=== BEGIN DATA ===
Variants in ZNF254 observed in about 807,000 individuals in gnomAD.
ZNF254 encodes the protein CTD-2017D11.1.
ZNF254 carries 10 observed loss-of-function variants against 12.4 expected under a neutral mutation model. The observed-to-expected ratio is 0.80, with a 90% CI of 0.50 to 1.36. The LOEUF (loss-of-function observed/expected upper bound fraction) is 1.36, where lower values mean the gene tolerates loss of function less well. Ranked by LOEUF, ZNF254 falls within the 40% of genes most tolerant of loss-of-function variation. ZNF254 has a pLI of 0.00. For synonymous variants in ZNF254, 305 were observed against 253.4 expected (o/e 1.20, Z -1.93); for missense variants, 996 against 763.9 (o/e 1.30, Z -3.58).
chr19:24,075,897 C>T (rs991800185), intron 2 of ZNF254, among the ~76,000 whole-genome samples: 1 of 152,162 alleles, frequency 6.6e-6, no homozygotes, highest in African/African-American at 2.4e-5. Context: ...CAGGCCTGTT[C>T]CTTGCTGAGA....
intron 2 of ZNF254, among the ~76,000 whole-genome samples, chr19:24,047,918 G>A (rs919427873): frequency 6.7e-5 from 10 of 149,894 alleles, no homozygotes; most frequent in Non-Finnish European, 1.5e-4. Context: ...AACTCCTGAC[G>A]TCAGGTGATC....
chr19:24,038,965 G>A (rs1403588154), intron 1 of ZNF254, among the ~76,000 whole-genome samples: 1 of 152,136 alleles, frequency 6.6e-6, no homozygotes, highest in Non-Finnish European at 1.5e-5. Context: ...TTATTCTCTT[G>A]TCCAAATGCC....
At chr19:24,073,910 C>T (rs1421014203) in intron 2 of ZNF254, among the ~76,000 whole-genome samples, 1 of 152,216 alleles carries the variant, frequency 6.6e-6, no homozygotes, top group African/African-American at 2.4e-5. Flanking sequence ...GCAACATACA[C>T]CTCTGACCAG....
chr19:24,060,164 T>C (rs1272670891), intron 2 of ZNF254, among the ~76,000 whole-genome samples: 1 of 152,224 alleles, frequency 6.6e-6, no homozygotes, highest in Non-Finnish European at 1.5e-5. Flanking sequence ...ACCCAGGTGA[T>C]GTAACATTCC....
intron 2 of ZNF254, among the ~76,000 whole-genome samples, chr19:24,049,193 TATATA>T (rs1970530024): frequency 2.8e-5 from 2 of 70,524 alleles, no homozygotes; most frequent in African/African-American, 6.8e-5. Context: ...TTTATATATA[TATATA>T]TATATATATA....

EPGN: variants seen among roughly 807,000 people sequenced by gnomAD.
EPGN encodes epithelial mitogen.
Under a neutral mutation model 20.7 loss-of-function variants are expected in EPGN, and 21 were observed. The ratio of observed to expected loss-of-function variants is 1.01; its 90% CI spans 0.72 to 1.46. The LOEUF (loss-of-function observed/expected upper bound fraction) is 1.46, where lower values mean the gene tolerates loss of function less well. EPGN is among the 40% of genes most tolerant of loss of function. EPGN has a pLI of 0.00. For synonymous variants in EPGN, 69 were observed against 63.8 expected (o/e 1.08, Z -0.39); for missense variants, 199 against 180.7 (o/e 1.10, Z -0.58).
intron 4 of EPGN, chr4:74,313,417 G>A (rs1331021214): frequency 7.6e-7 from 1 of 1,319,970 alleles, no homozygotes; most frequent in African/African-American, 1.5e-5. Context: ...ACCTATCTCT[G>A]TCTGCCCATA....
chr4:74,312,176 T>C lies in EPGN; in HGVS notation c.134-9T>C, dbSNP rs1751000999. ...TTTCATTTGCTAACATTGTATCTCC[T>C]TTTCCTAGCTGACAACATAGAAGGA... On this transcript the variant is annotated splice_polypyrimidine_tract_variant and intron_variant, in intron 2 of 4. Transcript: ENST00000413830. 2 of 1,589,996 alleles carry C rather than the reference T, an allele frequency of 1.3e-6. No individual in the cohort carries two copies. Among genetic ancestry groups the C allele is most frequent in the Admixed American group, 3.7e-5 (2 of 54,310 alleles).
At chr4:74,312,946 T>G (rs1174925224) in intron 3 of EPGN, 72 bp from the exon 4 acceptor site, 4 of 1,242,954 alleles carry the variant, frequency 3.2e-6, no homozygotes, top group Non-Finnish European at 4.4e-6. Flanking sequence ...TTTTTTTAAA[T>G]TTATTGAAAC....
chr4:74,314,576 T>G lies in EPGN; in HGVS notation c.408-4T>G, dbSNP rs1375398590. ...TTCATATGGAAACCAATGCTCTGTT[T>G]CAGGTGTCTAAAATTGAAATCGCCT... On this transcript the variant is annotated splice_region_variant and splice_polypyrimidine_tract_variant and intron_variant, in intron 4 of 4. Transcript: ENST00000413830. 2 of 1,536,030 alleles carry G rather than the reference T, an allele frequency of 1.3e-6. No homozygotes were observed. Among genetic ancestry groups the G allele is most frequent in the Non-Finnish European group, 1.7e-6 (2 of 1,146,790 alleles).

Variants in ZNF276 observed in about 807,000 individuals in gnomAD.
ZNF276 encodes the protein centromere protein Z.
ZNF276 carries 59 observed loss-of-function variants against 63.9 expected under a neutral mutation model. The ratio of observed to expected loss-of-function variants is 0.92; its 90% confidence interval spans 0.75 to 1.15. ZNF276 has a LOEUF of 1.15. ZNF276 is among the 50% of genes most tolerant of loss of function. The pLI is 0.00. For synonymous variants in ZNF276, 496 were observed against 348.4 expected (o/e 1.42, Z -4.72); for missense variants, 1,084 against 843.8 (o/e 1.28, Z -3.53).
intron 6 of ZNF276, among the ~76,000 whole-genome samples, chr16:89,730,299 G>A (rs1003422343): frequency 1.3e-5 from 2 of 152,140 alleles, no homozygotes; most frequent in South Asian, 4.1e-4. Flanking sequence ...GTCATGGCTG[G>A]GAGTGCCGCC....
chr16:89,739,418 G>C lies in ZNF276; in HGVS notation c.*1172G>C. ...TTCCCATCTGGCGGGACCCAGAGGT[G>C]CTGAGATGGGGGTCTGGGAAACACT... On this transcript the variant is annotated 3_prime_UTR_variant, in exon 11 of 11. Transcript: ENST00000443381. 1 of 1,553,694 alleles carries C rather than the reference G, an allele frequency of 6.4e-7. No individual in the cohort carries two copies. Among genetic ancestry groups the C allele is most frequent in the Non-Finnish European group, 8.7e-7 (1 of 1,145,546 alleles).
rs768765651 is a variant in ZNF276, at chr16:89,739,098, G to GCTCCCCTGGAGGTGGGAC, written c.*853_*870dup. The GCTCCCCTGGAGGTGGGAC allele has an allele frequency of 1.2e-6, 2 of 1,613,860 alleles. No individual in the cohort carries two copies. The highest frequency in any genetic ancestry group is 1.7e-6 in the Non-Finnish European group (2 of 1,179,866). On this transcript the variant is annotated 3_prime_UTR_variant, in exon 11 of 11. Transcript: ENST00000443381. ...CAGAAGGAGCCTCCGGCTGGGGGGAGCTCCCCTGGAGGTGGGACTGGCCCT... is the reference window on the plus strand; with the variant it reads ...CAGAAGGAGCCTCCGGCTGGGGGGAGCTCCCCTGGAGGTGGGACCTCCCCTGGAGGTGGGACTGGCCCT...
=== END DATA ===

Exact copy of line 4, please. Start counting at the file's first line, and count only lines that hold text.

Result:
chr19:24,075,897 C>T (rs991800185), intron 2 of ZNF254, among the ~76,000 whole-genome samples: 1 of 152,162 alleles, frequency 6.6e-6, no homozygotes, highest in African/African-American at 2.4e-5. Context: ...CAGGCCTGTT[C>T]CTTGCTGAGA....